1st May 2017

Today we had the wonderful Aaron Price and Rubie Ozanne working on the 80's section. As they are reprising 'The Boy' and 'The Girl' was when they last performed the parts all the way back in September 2016, it was a real test to see if they could remember the words.... Luckily it went swimmingly, bar a fit of giggles from everyone in the room (it was a long day!) and we managed to delve deeper into the characters and explore different choices from when we did it last time. 

Its very exciting and the guys are really bringing the characters to life! 


30th April 2017


Working with a minimalistic set was always in the idea for LOOP, letting the movement and words do the talking. 

These were constructed by the wonderful 'Big Stevie G', who knocked them together in as little as five hours. WHAT A LEGEND 




"We ARE aware of the Irony of these boxes, as many have already stated that BoxLess is now BoxFull. We would like to make it known that our company is focused on thinking outside of the box and not conforming to the restrictions of a certain dancer stereotype. Whereas, the boxes for LOOP are easy moveable pieces of set and pedestals for the actors."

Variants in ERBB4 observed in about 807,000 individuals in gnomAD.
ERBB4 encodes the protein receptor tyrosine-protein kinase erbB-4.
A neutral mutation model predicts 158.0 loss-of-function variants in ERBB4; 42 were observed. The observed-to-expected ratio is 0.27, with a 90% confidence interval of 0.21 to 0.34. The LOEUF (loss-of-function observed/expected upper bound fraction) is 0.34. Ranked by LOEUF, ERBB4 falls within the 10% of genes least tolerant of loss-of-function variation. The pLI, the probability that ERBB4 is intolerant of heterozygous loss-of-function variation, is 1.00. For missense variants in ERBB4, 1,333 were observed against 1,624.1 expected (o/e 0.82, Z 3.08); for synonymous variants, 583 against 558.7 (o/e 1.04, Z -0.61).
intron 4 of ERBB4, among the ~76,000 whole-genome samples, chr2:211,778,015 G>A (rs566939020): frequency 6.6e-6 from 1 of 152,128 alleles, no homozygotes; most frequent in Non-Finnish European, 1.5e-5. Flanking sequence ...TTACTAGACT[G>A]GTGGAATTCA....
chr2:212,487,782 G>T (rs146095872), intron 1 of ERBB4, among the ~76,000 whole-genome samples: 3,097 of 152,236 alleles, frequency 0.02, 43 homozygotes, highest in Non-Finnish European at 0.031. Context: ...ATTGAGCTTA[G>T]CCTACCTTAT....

We understand it is extremely ironic, but we know you'll get over that. 


26th April 2017


Today we had Actor, James Demaine in to rehearse the 00's section, where he is playing 'The Young Man'. It involved 2 hours of thumping Techno music but he's a joy to work with, always comes into rehearsals prepared, rehearsal garments and lots of ideas! 


Make sure you're booking your tickets before its too late! 

19th April 2017


Today we got our posters and flyers for LOOP, designed by our friends Old Glory Design Co. and Amy Goffin, who did a fab fab job, don't you think?! 

Look out for the flyers popping up around London! 


14th April 2017

Friday night we had our first read through, which went incredibly well. We worked our way through the script and got use to the characters. Played music through the era's and I scared the boys with the fact they will have to learn how to Northern Soul. 

It's all very exciting.

Zö x 


14th April 2017

BIG NEWS: BoxLess Physical Theatre's Brand New Production LOOP, will be coming to @TheatreN16: 6th - 10th June!